April 8, 2014

Re-discovering the joy

I started this year by being exhausted. I’d finally finished Secrets and Sins, and I published it on January 3rd. As I always do, I took a little time off from daily writing to let readers, both established with me and potential new folks, know about the book and its free prequel, Sinner Man. Sales were strong, which was most welcome after a sluggish November and an even worse December. I even got into the Top 100 Amazon list of women’s fiction/saga novels—not merely multicultural women’s fiction, but general women’s fiction/saga, with writing heavyweights like Danielle Steel, Debbie Macomber, and Barbara Taylor Bradford. I turned my attention to working on my next release, Love Will Grow, to complete my Love Will series.

Then something strange happened.

I found that writing was starting to feel like a chore. I knew the strong sales of Secrets and Sins would only last for so long, for my sales have been down since last fall…and I felt pressured to get the next book out ASAP, within three or four months. But it didn't feel right. Writing was supposed to be something I enjoyed, but it had turned into something I felt pressured to do.

This year has not been without its stressors, mainly in the form of health issues of aging family members. The extra stress of “gotta write” was only making things worse. 

Another problem was the Internet. It was starting to depress me. Everywhere I looked, people were posting about their books. Between hundreds of new eBooks being released every day at e-tailers and my Facebook feed clogged with dozens of requests from authors practically begging for sales, plus pleas from authors who'd gotten wind of a colleague doing something innovative and wanting to do the same thing (with a little help from their friends) became a real turnoff for me. I sensed desperation closing around me like a blanket thrown over my head. It also told me that maybe I wasn’t the only one with slipping sales numbers (authors love to talk about how well they’re doing, but tend to keep quiet when they’re not doing so well). Another sign of a downturn was that authors who always posted about their book's Amazon rankings or how they'd made a Top 100 list had become conspicuously silent. All these factors contributed to my asking myself if I really wanted to make the strenuous effort of trying to produce a book every three to four months just to try to stay in the game…and the answer was no.

Once I recognized I was going down a path of dissatisfaction, I stopped writing completely while I sorted it out. Eventually I started up again, with one major difference:  This time I wrote only when I wanted to (not because I felt I had to), because I felt compelled to put words down on paper and tell a story. I wanted to reclaim the joy that comes with writing, the simple enjoyment of crafting a story that's been part of my life since adolescence. The result: A scaled-back output, because that urge simply didn't hit me every day.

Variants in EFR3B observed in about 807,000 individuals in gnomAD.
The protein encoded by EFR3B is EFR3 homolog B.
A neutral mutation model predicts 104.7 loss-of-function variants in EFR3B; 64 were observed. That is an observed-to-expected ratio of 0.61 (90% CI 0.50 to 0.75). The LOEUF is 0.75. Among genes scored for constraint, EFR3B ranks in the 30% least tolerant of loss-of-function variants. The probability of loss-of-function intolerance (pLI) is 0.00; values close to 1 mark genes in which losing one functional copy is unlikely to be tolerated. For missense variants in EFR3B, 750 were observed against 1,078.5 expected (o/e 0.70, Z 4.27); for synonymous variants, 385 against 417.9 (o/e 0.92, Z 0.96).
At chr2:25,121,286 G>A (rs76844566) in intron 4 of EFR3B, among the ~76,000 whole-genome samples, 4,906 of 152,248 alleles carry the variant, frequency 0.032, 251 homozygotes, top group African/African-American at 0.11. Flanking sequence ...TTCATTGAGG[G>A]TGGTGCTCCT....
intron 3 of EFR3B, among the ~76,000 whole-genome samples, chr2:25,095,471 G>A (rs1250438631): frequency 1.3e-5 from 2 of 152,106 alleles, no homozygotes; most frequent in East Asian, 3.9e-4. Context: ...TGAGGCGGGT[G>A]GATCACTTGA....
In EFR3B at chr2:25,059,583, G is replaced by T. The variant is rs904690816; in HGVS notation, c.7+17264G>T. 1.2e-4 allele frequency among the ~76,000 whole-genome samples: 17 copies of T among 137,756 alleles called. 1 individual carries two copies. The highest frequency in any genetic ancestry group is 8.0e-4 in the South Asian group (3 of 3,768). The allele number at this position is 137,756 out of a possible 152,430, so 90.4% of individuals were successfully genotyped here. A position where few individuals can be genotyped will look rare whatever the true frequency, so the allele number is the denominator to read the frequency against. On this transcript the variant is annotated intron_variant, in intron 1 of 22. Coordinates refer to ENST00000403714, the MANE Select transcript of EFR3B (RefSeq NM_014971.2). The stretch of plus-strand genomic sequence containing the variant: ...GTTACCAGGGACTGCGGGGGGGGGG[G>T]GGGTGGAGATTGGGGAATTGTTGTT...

I asked myself what else I wanted to accomplish this year.  Getting organized topped the list, with weight loss a close second (I've been trying to lose the same 15 pounds for 10 years, except by now that figure has crept up to 30 pounds). Ideally, I'll have our house organized to the point where—pardon this morbid thought—if my husband and I should get crushed by a semi or something, the kids could simply come in and go through our things, take what they want and donate or sell the rest without having to go through all that stuff that’s been sitting in the garage for years, not to mention all that stuff in three walk-in closets in the extra rooms (the only closet that’s organized is the one in our bedroom).

I’m happy to be able to say I’ve gotten quite a bit done, with several 55-gallon bags of either brand new or still in good condition clothing and housewares donated to Goodwill, plus at least one other bag that size put out for the trash man. I've also ramped up my exercise with near-daily workouts and watching what I eat, and I've lost 6 pounds. I still have much to do, but I can see the progress in both areas, and that alone will help me keep going.

And as for my writing? Even with cutting back, I recently made the happy discovery that Love Will Grow is almost complete. I know I can expect to write some additional bridging scenes as I go over it, maybe insert some paragraphs here and there to give readers more insight into the characters, but at this point a late spring release is feasible. Even with cutting back, I seem to be getting my book completed (although who knows how long it will take me to get my next project done). Best of all, I’ve re-discovered the joy of writing.

I think I’ll keep that joy, write the best story I can, and publish it when it’s ready, at my own pace. I’m my own publisher, so I’m not going to let myself go if I can’t produce enough to meet an ambitious publication schedule. In today’s world you’re only as good as your ratings or most recent accomplishments, but I’m happy to leave the stress of constant performance to mutual fund managers, advertising and television executives, sports team coaches, network news anchors…and other writers.

I might not be as prolific...but I'll definitely be happier.


Dollie said...

Good deal, Bettye, for you and for us! I I'm looking forward to whatever comes next.